… More numbers don't add up
In the past few months I joined a grass roots campaign, Friends of Weddington.org, and by doing so I have become quite involved in supporting opposition to the waste-water treatment plant that is proposed to be installed at the Woods development off Weddington Road. This is a role that I was very unfamiliar with, and like many of you I usually just sat on the sidelines hoping someone else would fight my campaign for me. But this time I joined this campaign, not because I had to, but I felt obligated to.
Personally, I feel it poses a health hazard to our community – which could have a long-lasting impact on our way of life and my family.
Prior to getting involved in this campaign, my involvement with government issues was minimal, like many others in our community and probably in the United States. I just voted during elections, and served on jury duty when requested.
I have found the experience to be quite demanding, challenging and educational, but most of all a necessity. This waste-water treatment plant, if approved by the town council on Aug. 18, will set a precedent, whereby all future builders could install a similar unit in every future development in Union County. There is still a lot of undeveloped land in all of our neighborhoods, and one of these units may be right across the street from you next. If we allow this to happen, then the next builder without as much capital as Infinity Partners may install a cheaper and even less reliable waste-water treatment unit in the next development.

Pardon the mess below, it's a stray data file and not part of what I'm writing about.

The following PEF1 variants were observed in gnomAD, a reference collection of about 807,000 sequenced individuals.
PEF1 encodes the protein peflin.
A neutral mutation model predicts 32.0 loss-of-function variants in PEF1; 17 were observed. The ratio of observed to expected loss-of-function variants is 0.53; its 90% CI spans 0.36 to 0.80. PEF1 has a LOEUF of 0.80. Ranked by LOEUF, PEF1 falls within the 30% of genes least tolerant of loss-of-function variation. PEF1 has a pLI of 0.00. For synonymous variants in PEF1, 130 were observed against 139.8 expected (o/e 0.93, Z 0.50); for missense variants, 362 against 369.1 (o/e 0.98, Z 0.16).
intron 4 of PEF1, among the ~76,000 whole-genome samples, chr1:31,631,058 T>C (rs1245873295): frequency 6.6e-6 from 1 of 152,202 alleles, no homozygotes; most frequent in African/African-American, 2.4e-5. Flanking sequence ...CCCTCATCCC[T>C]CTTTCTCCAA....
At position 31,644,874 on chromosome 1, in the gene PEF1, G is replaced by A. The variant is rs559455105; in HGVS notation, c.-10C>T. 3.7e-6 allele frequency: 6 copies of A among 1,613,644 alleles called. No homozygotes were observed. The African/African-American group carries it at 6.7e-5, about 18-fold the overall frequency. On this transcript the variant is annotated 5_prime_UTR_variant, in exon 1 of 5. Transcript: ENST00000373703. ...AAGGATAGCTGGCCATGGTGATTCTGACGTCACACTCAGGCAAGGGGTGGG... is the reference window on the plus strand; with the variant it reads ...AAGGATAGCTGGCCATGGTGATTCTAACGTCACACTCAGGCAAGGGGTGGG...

I believe in green efforts to save the environment. But using waste water from homes even when treated to water your lawn and bushes goes beyond common sense. Philip Walton with Infinity Partners said, “At the prices that land was going for in Union County and at the prices that you can sell finished lots, you simply cannot even make the cost of the land work out.”
I read where the land where the Woods is to be developed was purchased for $23 million dollars. If they build out the entire 200 homes at even $1.5 million per home (but they say a home could sell for as much as $3 million per home), they will generate $300 million before operating costs. If they make even a 10 percent return (not unreasonable in this industry), they would make at least $30 million profit and, at the $3 million level, $60 million.
The numbers do work out in their favor. This is simply an economic issue for Infinity Partners, whose only desire is to make as much profit as possible. They will build this development and then walk away from it, leaving the town with a future liability when the system fails – and all mechanical devices do fail at some point.
I am asking your support to join us by doing the following:
Attend the public hearing for the Woods proposed sewer-treatment plant on Monday, 7 p.m. at Weddington High School.
Go to our Web site, www.friends of wed ding ton.org, and sign the petition.
Make a small donation while at our Web site to our legal defense fund.